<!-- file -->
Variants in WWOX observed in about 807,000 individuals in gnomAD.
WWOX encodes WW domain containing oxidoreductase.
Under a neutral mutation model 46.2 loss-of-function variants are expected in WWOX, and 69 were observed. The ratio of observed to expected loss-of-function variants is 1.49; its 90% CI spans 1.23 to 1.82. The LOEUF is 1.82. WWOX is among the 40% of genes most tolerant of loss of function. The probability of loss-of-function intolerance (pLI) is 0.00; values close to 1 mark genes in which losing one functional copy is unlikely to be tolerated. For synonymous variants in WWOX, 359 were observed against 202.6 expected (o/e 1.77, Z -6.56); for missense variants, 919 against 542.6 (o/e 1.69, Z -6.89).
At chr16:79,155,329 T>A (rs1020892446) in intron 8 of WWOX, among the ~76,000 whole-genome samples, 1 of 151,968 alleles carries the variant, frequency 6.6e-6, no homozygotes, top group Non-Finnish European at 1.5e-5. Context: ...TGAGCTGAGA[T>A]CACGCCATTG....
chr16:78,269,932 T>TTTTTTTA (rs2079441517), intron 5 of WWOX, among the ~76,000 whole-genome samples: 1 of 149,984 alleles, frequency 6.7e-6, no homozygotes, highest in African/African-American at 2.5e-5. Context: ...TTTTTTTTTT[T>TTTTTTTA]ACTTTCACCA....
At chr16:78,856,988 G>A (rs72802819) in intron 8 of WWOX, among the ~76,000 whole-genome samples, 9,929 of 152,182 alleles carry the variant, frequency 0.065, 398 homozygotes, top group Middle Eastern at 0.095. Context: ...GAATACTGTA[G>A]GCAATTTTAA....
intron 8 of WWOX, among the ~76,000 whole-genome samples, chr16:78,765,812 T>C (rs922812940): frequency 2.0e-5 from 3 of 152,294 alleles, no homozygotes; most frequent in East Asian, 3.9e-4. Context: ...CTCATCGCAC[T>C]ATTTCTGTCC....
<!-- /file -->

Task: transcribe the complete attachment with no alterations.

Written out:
Variants in WWOX observed in about 807,000 individuals in gnomAD.
WWOX encodes WW domain containing oxidoreductase.
Under a neutral mutation model 46.2 loss-of-function variants are expected in WWOX, and 69 were observed. The ratio of observed to expected loss-of-function variants is 1.49; its 90% CI spans 1.23 to 1.82. The LOEUF is 1.82. WWOX is among the 40% of genes most tolerant of loss of function. The probability of loss-of-function intolerance (pLI) is 0.00; values close to 1 mark genes in which losing one functional copy is unlikely to be tolerated. For synonymous variants in WWOX, 359 were observed against 202.6 expected (o/e 1.77, Z -6.56); for missense variants, 919 against 542.6 (o/e 1.69, Z -6.89).
At chr16:79,155,329 T>A (rs1020892446) in intron 8 of WWOX, among the ~76,000 whole-genome samples, 1 of 151,968 alleles carries the variant, frequency 6.6e-6, no homozygotes, top group Non-Finnish European at 1.5e-5. Context: ...TGAGCTGAGA[T>A]CACGCCATTG....
chr16:78,269,932 T>TTTTTTTA (rs2079441517), intron 5 of WWOX, among the ~76,000 whole-genome samples: 1 of 149,984 alleles, frequency 6.7e-6, no homozygotes, highest in African/African-American at 2.5e-5. Context: ...TTTTTTTTTT[T>TTTTTTTA]ACTTTCACCA....
At chr16:78,856,988 G>A (rs72802819) in intron 8 of WWOX, among the ~76,000 whole-genome samples, 9,929 of 152,182 alleles carry the variant, frequency 0.065, 398 homozygotes, top group Middle Eastern at 0.095. Context: ...GAATACTGTA[G>A]GCAATTTTAA....
intron 8 of WWOX, among the ~76,000 whole-genome samples, chr16:78,765,812 T>C (rs922812940): frequency 2.0e-5 from 3 of 152,294 alleles, no homozygotes; most frequent in East Asian, 3.9e-4. Context: ...CTCATCGCAC[T>C]ATTTCTGTCC....